In Part 1 of this series, we began to tell the story of how one simple breach of a single rule by a single employee sank a $4 million per year company called LabMD, and how the breach triggered very expensive – and extensive – litigation.

As LabMD dealt with its new DC lawyers, owner Michael Daugherty has said he urged them to think about Tiversa’s role in the FTC’s interest in LabMD. As far as he knew, the only entity downloading the information had been Tiversa. For whatever reason, his lawyers were not interested. Turning back to the FTC, Daugherty did not want to sign a consent decree, which would be available to the general public. Knowledge of the breach going public, Daugherty reasoned, would lead his customers (doctors) to conclude that their patients’ information was not secure with LabMD. So, he fought.

Daugherty’s arguments concerning Tiversa finally caught the attention of FTC commissioner J. Thomas Rosch. In 2012, Rosch said in a dissenting FTC opinion, a few months before he left the agency, that the evidence provided by Tiversa shouldn’t be used against LabMD. Daugherty began to work with Cause of Action Institute, a conservative legal aid group, which has handled LabMD‘s defense before the FTC pro bono since 2013. Daugherty also began to build a relationship with US Representative Darryl Issa (R-CA) of the House Oversight Committee.

The FTC litigation began in 2013 when the FTC brought an administrative action against LabMD in the agency’s administrative courts. The FTC charged that not only had LabMD‘s information on 9,000 patients leaked from its system, but that the personal information of some 500 persons had fallen into the hands of identity thieves in California. The agency came full-on: In a 3-hour period on October 24, 2013, its lawyers sent notice of 20 depositions to be taken in various parts of the country, and scheduled them all on the same day.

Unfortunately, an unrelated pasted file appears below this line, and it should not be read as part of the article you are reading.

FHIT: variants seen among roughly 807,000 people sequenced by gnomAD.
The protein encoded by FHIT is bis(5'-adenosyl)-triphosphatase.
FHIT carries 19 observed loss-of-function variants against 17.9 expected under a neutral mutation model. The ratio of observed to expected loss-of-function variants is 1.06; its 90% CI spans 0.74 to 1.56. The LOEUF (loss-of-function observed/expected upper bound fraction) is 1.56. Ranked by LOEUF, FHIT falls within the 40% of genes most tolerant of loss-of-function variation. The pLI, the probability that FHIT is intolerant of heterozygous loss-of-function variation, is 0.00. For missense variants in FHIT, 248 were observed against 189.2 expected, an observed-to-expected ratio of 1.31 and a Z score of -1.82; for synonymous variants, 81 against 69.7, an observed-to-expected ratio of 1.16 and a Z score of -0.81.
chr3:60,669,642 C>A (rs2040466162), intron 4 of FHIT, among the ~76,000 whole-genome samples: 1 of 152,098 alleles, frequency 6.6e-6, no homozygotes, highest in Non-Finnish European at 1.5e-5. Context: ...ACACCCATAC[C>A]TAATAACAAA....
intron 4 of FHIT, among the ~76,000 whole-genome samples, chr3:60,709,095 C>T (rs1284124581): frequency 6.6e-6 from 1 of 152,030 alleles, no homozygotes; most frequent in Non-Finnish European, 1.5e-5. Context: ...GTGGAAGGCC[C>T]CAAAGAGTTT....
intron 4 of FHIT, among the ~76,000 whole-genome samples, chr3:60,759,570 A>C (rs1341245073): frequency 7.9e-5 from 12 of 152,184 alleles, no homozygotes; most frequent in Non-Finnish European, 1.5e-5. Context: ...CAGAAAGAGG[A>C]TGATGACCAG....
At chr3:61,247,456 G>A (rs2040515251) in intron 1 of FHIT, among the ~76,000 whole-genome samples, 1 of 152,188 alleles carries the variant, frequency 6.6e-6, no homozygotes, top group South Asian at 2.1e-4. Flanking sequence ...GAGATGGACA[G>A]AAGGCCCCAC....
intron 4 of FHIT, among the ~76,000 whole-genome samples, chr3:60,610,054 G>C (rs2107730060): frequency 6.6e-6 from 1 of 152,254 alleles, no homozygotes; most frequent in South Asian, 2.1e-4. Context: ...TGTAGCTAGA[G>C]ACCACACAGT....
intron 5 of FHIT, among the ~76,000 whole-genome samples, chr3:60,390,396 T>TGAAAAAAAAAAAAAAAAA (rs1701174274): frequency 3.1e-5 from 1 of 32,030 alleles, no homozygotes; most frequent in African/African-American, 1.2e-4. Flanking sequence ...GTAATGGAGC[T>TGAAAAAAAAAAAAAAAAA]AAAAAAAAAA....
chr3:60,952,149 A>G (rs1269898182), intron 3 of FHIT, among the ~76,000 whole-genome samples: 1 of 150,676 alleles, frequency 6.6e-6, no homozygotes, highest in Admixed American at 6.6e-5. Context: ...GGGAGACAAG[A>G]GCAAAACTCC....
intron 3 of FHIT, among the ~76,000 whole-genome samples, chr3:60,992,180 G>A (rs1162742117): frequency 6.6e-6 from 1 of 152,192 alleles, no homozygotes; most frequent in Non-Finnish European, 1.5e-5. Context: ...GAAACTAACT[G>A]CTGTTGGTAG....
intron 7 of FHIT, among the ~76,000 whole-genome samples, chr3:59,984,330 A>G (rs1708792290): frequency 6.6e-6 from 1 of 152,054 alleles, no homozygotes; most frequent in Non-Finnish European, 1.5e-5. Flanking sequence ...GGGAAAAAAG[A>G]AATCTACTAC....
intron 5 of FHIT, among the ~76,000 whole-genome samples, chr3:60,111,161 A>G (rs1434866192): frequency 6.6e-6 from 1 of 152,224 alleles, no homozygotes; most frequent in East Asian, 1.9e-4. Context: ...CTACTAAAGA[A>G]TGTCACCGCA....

The company’s legal fees had reached about $500,000 by now. LabMD‘s lawyers sought a protective order. But the stress and cost of the battle was destroying the company. LabMD’s revenues nose-dived and Daugherty finally shuttered it in 2014. After losing his company, Daugherty self-published a book about his experiences called The Devil Inside the Beltway.

As Daugherty was waiting for the administrative court trial to kick off, he received a call in April 2014 from Richard Wallace, a Tiversa employee who had just left the company. Wallace told Daugherty of Tiversa’s role in LabMD‘s demise. It was Wallace who originally discovered the files on a peer-to-peer file-sharing network. The files had never been anywhere else; when LabMD declined Tiversa’s services, Wallace claimed he was instructed to add LabMD to a list of companies which Tiversa reported to the FTC. Wallace further stated that he had been instructed to create fake evidence showing other places where the LabMD file had supposedly been found.

The FTC trial began in May and Wallace’s testimony was crucial – since the FTC’s case was based primarily on Tiversa’s evidence. Wallace testified in May 2015, just over a year after he first called Daugherty.

At the same time, the House Oversight Committee had prepared a report which was locked away until the completion of Wallace’s testimony. The report found that Tiversa faked evidence of data breaches to market its services. The report also disclosed an FTC-Tiversa relationship dating back to 2007. One writer summarized the findings this way:

The report concluded that the FTC had sacrificed “good government” in using Tiversa to “obtain information validating its regulatory authority” and with providing Tiversa with “actionable information it exploited for monetary gain.”

In November, the administrative judge in the case ruled in favor of LabMD, throwing out Tiversa‘s testimony and evidence. This left the FTC without much of a case. The judge characterized the FTC’s assertions regarding LabMD and the data of the 9,000 patients as “pure, unsupported speculation.”

But the story is not yet over. In the last installment of this series, we will discuss the litigation between Daugherty and Tiversa, as well as dueling Wall Street Journal op-eds on the issue, and a 48 page decision this summer by the FTC reversing the decision of the ALJ, imposing stringent requirements on LabMD. And we’ll learn the FTC’s reasons for doing so.

*AN IMPORTANT NOTE: The facts as summarized in this blog post are all according to published reports, and this blog post is only a synthesis of published reports on the subject. There is ongoing litigation, and each side contests the other’s position. This blog post is based in large part on Dune Lawrence’s detailed article “A Leak Wounded this Company. Fighting the Feds Finished It Off” in the April 25, 2016, issue of Bloomberg Businessweek.